The name of the canyon is due to the fact that some portions of the canyon receive only 30 minutes of sun light per day. The Grand Canyon may be wide, but the Black Canyon is exceptionally steep and narrow.
28. Drive the Million Dollar Highway
The climb up to Red Mountain Pass at 11,018 is open year round, and is a particularly amazing drive as you wind your way around hairpin turns with steep plummets into the abyss. The road even features avalanche chutes over the road to prevent it from being blocked.
If you’re particularly adventurous, you can also try your hand at ice climbing in Ouray, where I lived for one winter doing laps in the ice park every day.
29. Visit the Cliff Dwellings at Mesa Verde
Mesa Verde National Park protects some of the best preserved Ancestral Puebloan archeological sites in the US where you can see these amazing dwellings tucked below the lip of various cliffs which were built from 650 AD and inhabited until 1285 when they were abandoned.
30. See Shiprock Rise from Nothing
Continuing south you will cross the border of New Mexico and quickly see Shiprock rise out of the flatlands surrounding it. Indeed, it looks like a ship, frozen in place as it once floated through this landscape. It is a holy and protected place among the local tribes.
31. Walk Among the Ruins of a Great Civilization
When you think of ancient ruins, most people immediately think of Greece, Rome, or perhaps Mexico, while forgetting about the ancient civilizations that once inhabited this land. Like Mesa Verde, you should make it a point to visit the incredible Chaco Canyon ruins.
You’ll have to manage a long and rutted dirt road, but it’s worth it. Chaco Culture National Historic Park preserves the most sweeping collection of ancient ruins north of Mexico.
32. Put Your Feet in the Whitest of Sand
Make a stop in Albuquerque as you make your way into New Mexico, and take a tour of all the famous locations from Breaking Bad. Near El Paso you will come across White Sands National Monument, a breathtaking series of sand dunes that are white as snow. Don’t forget that Roswell is nearby…
Be sure to try both the red and green chile sauce while in New Mexico as well!
33. Wander Among the Saguaros
Crossing west into Arizona you can make a stop at the touristy but interesting town of Tombstone before continuing on to Saguaro National Park outside of Tucson. The saguaros are a stunning sight to behold with their human like arms and tremendous height. The tallest saguaro can be found in Maricopa County and stands at 45 feet tall!
34. Drive Along the Superstitions
Just outside of Phoenix, be sure to detour to drive beside the Superstition Mountains along SR 88, a beautiful desert drive. Be sure to stop for some prickly pear ice cream, perhaps in Tortilla Flat.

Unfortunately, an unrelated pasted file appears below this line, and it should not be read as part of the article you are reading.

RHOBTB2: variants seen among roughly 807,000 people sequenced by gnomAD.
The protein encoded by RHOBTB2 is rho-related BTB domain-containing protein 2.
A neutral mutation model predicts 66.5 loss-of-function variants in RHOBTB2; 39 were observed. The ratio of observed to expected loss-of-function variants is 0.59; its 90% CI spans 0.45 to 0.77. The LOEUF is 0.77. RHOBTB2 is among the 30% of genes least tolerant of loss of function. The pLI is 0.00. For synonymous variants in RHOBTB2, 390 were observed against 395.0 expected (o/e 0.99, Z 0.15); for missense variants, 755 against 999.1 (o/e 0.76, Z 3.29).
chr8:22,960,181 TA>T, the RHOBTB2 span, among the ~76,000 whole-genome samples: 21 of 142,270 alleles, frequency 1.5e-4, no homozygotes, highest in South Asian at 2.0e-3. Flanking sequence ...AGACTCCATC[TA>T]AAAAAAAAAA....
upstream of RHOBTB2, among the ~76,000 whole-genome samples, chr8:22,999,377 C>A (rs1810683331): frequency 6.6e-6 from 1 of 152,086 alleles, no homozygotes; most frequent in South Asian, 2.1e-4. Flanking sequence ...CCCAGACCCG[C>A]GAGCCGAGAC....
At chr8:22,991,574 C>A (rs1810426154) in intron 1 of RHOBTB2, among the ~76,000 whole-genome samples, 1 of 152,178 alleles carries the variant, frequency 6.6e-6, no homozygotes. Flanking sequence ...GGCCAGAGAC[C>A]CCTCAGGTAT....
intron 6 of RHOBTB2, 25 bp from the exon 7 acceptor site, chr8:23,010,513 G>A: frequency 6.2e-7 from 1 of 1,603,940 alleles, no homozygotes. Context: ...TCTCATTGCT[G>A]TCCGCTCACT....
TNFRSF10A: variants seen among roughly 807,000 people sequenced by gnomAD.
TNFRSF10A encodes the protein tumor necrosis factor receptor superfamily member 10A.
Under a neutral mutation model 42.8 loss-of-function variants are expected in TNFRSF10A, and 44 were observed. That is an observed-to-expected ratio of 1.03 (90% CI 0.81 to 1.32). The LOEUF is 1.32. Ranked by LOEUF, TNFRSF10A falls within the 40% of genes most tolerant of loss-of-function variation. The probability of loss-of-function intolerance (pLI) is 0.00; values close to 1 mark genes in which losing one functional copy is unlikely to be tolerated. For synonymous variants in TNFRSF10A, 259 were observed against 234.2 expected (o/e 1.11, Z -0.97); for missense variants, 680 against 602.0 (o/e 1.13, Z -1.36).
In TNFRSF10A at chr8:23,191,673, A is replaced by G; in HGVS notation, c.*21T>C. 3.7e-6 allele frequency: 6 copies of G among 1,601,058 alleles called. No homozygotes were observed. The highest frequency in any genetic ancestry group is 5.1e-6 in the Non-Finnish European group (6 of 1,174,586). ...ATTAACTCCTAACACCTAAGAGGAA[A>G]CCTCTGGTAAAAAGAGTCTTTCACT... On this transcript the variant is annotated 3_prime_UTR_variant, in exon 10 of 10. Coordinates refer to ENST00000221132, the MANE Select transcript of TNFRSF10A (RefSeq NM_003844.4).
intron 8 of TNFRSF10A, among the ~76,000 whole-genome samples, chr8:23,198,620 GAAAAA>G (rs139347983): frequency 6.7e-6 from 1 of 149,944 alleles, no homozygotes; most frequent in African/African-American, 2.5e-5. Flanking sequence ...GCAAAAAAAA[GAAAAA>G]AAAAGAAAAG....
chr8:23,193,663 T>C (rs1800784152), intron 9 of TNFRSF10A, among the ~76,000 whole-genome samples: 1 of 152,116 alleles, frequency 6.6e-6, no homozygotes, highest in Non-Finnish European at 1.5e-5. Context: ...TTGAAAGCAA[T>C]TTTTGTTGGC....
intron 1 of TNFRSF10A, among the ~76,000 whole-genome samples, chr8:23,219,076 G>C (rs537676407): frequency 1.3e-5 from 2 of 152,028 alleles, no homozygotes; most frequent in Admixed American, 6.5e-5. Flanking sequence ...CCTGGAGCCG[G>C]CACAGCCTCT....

35. Explore the Magic of Sedona
Backtrack and head north out of Phoenix toward Flagstaff, where you’ll exit for Sedona. Another iconic destination in Arizona, Sedona is a magical place with stunning red rocks that rise all around and some of the most gorgeous drives you’ll ever see.
Highway 89A either toward Jerome or continuing up through Flagstaff (or do both!) is a memorable and photogenic drive. If you’re up for a splurge, visit the delicious Elote Café in Sedona for some truly incredible cuisine.
36. Drive Along Route 66
Heading east out of Flagstaff you will encounter the iconic Route 66—as synonymous with America as hamburgers and the Fourth of July. This historic route was one of the originals among the US Highway System and ran from Chicago to Santa Monica.
This highway underwent a number of realignments and changes before ultimately being removed from the US Highway System in 1985. You can still find original portions scattered through the US, including stretches through Arizona like you’ll find in Winslow (also featured in that Eagles song “standin’ on a corner in Winslow, Arizona…”).
37. Explore the Painted Hills
Continuing east back toward New Mexico you’ll encounter Petrified Forest National Park, another one that you don’t hear too much about, but which features the stunningly beautiful Painted Hills.
38. Venture through Navajo Nation
Before reaching the state line you’ll want to turn off north toward Chinle, deep into the Navajo Nation, the largest land area retained by a US tribe and is managed as a sovereign Indian nation.
Just outside of Chinle you will come across Canyon de Chelly, another impressive canyon which still has local tribal members living within these walls. If you haven’t yet, you can visit the Four Corners monument which marks the intersection between Colorado, Utah, Arizona and New Mexico.
39. Be Awed by Monument Valley
Along the Utah-Arizona border near Kayenta you will find one of the most impressive sights on this journey in Monument Valley, where numerous monolithic rocks raise hundreds of feet above the plateau. This famous place may be familiar to you from those old-time John Wayne movies.
40. Stand Before Horseshoe Bend